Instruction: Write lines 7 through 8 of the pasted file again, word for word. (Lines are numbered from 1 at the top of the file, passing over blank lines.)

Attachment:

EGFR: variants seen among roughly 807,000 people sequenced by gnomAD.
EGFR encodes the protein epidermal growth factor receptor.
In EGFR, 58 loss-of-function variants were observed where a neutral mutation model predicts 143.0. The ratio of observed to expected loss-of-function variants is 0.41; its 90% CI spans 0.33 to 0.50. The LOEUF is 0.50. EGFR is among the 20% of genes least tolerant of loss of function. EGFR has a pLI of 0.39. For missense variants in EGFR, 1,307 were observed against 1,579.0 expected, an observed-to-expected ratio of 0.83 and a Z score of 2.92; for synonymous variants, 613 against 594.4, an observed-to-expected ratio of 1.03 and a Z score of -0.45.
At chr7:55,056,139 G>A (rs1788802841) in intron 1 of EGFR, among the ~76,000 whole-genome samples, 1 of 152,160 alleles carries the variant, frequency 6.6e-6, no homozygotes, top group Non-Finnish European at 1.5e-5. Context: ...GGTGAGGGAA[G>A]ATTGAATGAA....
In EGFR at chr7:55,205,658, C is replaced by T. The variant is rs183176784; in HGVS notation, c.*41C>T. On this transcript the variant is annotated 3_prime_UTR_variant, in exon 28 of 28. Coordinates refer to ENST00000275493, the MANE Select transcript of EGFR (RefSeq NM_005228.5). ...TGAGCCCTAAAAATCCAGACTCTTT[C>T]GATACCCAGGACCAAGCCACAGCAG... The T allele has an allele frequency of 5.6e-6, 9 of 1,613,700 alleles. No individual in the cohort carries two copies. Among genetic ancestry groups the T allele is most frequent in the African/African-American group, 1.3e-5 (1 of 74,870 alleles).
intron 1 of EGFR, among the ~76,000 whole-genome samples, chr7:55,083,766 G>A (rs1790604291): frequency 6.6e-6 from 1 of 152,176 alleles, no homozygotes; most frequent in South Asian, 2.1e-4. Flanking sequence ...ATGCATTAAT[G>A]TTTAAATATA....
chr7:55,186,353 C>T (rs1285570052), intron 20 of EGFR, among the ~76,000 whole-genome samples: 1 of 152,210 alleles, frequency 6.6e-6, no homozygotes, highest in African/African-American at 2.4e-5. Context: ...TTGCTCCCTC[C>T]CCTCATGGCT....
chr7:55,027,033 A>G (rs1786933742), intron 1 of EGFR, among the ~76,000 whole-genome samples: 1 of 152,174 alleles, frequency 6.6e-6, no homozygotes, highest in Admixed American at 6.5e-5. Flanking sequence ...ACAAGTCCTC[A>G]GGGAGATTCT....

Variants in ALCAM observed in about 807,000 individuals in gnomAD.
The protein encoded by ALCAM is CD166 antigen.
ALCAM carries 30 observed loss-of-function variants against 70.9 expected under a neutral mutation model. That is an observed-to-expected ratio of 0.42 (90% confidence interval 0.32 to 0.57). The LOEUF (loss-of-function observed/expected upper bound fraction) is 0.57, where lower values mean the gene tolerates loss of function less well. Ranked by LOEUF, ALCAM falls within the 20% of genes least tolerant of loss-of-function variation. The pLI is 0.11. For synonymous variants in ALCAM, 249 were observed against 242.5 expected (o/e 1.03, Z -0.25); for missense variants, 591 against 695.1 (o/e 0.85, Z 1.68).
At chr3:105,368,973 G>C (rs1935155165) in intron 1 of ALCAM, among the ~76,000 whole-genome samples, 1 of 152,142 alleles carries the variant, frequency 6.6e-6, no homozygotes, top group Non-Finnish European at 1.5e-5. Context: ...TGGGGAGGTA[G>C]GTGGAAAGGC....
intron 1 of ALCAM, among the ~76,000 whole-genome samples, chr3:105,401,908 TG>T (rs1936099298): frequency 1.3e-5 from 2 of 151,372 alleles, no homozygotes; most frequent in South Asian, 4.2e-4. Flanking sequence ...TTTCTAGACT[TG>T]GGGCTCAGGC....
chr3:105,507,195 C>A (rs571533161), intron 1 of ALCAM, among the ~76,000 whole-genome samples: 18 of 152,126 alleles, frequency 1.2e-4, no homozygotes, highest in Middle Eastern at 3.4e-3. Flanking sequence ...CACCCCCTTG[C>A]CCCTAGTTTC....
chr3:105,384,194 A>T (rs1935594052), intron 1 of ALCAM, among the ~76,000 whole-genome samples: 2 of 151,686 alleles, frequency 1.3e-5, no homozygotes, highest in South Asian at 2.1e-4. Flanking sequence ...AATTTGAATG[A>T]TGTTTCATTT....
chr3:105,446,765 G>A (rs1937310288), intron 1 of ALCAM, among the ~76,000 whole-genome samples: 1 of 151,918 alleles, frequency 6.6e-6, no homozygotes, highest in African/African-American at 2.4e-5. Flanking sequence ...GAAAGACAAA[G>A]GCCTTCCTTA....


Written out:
chr7:55,186,353 C>T (rs1285570052), intron 20 of EGFR, among the ~76,000 whole-genome samples: 1 of 152,210 alleles, frequency 6.6e-6, no homozygotes, highest in African/African-American at 2.4e-5. Context: ...TTGCTCCCTC[C>T]CCTCATGGCT....
chr7:55,027,033 A>G (rs1786933742), intron 1 of EGFR, among the ~76,000 whole-genome samples: 1 of 152,174 alleles, frequency 6.6e-6, no homozygotes, highest in Admixed American at 6.5e-5. Flanking sequence ...ACAAGTCCTC[A>G]GGGAGATTCT....